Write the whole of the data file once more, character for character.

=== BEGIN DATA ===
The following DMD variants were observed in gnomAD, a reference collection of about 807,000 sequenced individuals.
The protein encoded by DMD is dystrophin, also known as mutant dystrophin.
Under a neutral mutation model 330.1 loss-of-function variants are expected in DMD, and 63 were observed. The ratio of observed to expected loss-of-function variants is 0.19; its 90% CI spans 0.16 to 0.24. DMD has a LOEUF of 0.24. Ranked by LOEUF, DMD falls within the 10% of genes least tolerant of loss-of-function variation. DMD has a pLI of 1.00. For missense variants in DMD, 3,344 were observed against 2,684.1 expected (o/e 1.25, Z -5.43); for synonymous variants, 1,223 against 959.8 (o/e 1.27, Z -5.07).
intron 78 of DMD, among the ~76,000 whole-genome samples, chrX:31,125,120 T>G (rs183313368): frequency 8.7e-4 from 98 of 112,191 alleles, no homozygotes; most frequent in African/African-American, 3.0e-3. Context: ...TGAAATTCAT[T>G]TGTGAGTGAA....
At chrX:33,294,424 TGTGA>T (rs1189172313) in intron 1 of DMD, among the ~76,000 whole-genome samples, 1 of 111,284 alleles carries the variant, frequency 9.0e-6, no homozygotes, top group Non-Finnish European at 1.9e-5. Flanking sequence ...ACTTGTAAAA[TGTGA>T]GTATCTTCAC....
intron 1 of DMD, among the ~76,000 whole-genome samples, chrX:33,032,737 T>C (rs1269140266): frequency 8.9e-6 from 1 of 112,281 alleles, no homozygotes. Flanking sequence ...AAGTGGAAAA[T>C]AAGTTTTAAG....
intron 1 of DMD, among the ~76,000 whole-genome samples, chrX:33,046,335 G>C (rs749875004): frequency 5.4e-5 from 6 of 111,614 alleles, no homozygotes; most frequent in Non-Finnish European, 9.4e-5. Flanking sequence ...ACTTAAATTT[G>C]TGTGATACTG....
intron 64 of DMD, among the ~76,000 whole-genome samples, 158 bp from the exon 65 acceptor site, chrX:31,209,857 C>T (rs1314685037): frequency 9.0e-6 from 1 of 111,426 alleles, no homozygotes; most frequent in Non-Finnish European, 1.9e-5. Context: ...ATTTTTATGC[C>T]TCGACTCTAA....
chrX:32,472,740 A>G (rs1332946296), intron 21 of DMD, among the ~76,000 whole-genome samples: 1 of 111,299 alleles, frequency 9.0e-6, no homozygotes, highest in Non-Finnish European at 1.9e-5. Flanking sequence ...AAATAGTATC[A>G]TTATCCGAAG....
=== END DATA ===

The following DMD variants were observed in gnomAD, a reference collection of about 807,000 sequenced individuals.
The protein encoded by DMD is dystrophin, also known as mutant dystrophin.
Under a neutral mutation model 330.1 loss-of-function variants are expected in DMD, and 63 were observed. The ratio of observed to expected loss-of-function variants is 0.19; its 90% CI spans 0.16 to 0.24. DMD has a LOEUF of 0.24. Ranked by LOEUF, DMD falls within the 10% of genes least tolerant of loss-of-function variation. DMD has a pLI of 1.00. For missense variants in DMD, 3,344 were observed against 2,684.1 expected (o/e 1.25, Z -5.43); for synonymous variants, 1,223 against 959.8 (o/e 1.27, Z -5.07).
intron 78 of DMD, among the ~76,000 whole-genome samples, chrX:31,125,120 T>G (rs183313368): frequency 8.7e-4 from 98 of 112,191 alleles, no homozygotes; most frequent in African/African-American, 3.0e-3. Context: ...TGAAATTCAT[T>G]TGTGAGTGAA....
At chrX:33,294,424 TGTGA>T (rs1189172313) in intron 1 of DMD, among the ~76,000 whole-genome samples, 1 of 111,284 alleles carries the variant, frequency 9.0e-6, no homozygotes, top group Non-Finnish European at 1.9e-5. Flanking sequence ...ACTTGTAAAA[TGTGA>T]GTATCTTCAC....
intron 1 of DMD, among the ~76,000 whole-genome samples, chrX:33,032,737 T>C (rs1269140266): frequency 8.9e-6 from 1 of 112,281 alleles, no homozygotes. Flanking sequence ...AAGTGGAAAA[T>C]AAGTTTTAAG....
intron 1 of DMD, among the ~76,000 whole-genome samples, chrX:33,046,335 G>C (rs749875004): frequency 5.4e-5 from 6 of 111,614 alleles, no homozygotes; most frequent in Non-Finnish European, 9.4e-5. Flanking sequence ...ACTTAAATTT[G>C]TGTGATACTG....
intron 64 of DMD, among the ~76,000 whole-genome samples, 158 bp from the exon 65 acceptor site, chrX:31,209,857 C>T (rs1314685037): frequency 9.0e-6 from 1 of 111,426 alleles, no homozygotes; most frequent in Non-Finnish European, 1.9e-5. Context: ...ATTTTTATGC[C>T]TCGACTCTAA....
chrX:32,472,740 A>G (rs1332946296), intron 21 of DMD, among the ~76,000 whole-genome samples: 1 of 111,299 alleles, frequency 9.0e-6, no homozygotes, highest in Non-Finnish European at 1.9e-5. Flanking sequence ...AAATAGTATC[A>G]TTATCCGAAG....